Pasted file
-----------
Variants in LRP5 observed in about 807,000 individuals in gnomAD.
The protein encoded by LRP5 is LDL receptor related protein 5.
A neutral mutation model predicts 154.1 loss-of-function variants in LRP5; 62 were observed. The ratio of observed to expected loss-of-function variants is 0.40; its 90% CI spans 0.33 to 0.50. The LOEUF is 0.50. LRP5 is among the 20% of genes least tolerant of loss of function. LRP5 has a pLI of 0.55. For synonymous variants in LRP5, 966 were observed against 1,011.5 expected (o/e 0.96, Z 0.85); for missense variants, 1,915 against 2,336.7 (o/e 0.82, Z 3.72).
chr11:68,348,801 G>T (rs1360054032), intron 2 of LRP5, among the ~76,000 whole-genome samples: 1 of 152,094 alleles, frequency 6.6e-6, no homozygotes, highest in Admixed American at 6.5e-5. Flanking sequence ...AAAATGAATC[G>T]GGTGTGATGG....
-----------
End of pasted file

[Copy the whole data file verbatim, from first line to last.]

Variants in LRP5 observed in about 807,000 individuals in gnomAD.
The protein encoded by LRP5 is LDL receptor related protein 5.
A neutral mutation model predicts 154.1 loss-of-function variants in LRP5; 62 were observed. The ratio of observed to expected loss-of-function variants is 0.40; its 90% CI spans 0.33 to 0.50. The LOEUF is 0.50. LRP5 is among the 20% of genes least tolerant of loss of function. LRP5 has a pLI of 0.55. For synonymous variants in LRP5, 966 were observed against 1,011.5 expected (o/e 0.96, Z 0.85); for missense variants, 1,915 against 2,336.7 (o/e 0.82, Z 3.72).
chr11:68,348,801 G>T (rs1360054032), intron 2 of LRP5, among the ~76,000 whole-genome samples: 1 of 152,094 alleles, frequency 6.6e-6, no homozygotes, highest in Admixed American at 6.5e-5. Flanking sequence ...AAAATGAATC[G>T]GGTGTGATGG....